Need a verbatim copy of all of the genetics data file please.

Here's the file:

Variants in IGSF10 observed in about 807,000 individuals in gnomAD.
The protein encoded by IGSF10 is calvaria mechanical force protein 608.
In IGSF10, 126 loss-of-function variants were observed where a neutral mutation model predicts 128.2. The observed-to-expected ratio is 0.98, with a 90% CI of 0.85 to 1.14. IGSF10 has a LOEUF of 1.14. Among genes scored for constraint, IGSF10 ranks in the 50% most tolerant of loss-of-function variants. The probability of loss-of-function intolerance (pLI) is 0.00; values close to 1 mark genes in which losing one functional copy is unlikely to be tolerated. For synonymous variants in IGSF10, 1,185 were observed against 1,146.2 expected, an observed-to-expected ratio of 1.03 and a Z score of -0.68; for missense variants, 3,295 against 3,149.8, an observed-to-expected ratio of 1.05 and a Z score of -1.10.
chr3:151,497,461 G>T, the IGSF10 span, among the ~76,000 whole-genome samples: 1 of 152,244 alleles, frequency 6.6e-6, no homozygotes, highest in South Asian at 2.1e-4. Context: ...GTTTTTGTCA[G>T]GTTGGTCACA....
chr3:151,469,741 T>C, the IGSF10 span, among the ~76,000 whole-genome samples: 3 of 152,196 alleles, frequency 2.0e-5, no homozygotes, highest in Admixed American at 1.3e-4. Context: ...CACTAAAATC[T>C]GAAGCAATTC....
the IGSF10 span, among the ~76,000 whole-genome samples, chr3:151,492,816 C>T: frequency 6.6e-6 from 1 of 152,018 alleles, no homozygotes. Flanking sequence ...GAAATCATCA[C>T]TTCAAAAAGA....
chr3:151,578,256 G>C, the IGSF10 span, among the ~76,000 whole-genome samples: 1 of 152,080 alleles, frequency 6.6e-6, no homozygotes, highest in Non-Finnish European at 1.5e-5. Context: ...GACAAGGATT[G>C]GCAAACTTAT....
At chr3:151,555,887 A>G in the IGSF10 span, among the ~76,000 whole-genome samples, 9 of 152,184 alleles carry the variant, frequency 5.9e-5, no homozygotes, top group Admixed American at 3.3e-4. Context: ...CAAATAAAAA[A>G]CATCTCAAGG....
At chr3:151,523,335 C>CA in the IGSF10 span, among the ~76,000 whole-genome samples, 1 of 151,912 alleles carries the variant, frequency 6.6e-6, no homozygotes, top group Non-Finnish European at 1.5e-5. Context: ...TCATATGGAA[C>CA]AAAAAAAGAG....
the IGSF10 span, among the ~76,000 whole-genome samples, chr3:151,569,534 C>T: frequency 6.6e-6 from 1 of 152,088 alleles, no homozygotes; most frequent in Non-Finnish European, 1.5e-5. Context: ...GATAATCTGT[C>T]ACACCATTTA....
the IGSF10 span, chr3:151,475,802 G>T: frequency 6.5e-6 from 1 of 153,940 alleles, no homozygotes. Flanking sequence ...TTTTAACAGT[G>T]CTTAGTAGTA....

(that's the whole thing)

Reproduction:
Variants in IGSF10 observed in about 807,000 individuals in gnomAD.
The protein encoded by IGSF10 is calvaria mechanical force protein 608.
In IGSF10, 126 loss-of-function variants were observed where a neutral mutation model predicts 128.2. The observed-to-expected ratio is 0.98, with a 90% CI of 0.85 to 1.14. IGSF10 has a LOEUF of 1.14. Among genes scored for constraint, IGSF10 ranks in the 50% most tolerant of loss-of-function variants. The probability of loss-of-function intolerance (pLI) is 0.00; values close to 1 mark genes in which losing one functional copy is unlikely to be tolerated. For synonymous variants in IGSF10, 1,185 were observed against 1,146.2 expected, an observed-to-expected ratio of 1.03 and a Z score of -0.68; for missense variants, 3,295 against 3,149.8, an observed-to-expected ratio of 1.05 and a Z score of -1.10.
chr3:151,497,461 G>T, the IGSF10 span, among the ~76,000 whole-genome samples: 1 of 152,244 alleles, frequency 6.6e-6, no homozygotes, highest in South Asian at 2.1e-4. Context: ...GTTTTTGTCA[G>T]GTTGGTCACA....
chr3:151,469,741 T>C, the IGSF10 span, among the ~76,000 whole-genome samples: 3 of 152,196 alleles, frequency 2.0e-5, no homozygotes, highest in Admixed American at 1.3e-4. Context: ...CACTAAAATC[T>C]GAAGCAATTC....
the IGSF10 span, among the ~76,000 whole-genome samples, chr3:151,492,816 C>T: frequency 6.6e-6 from 1 of 152,018 alleles, no homozygotes. Flanking sequence ...GAAATCATCA[C>T]TTCAAAAAGA....
chr3:151,578,256 G>C, the IGSF10 span, among the ~76,000 whole-genome samples: 1 of 152,080 alleles, frequency 6.6e-6, no homozygotes, highest in Non-Finnish European at 1.5e-5. Context: ...GACAAGGATT[G>C]GCAAACTTAT....
At chr3:151,555,887 A>G in the IGSF10 span, among the ~76,000 whole-genome samples, 9 of 152,184 alleles carry the variant, frequency 5.9e-5, no homozygotes, top group Admixed American at 3.3e-4. Context: ...CAAATAAAAA[A>G]CATCTCAAGG....
At chr3:151,523,335 C>CA in the IGSF10 span, among the ~76,000 whole-genome samples, 1 of 151,912 alleles carries the variant, frequency 6.6e-6, no homozygotes, top group Non-Finnish European at 1.5e-5. Context: ...TCATATGGAA[C>CA]AAAAAAAGAG....
the IGSF10 span, among the ~76,000 whole-genome samples, chr3:151,569,534 C>T: frequency 6.6e-6 from 1 of 152,088 alleles, no homozygotes; most frequent in Non-Finnish European, 1.5e-5. Context: ...GATAATCTGT[C>T]ACACCATTTA....
the IGSF10 span, chr3:151,475,802 G>T: frequency 6.5e-6 from 1 of 153,940 alleles, no homozygotes. Flanking sequence ...TTTTAACAGT[G>T]CTTAGTAGTA....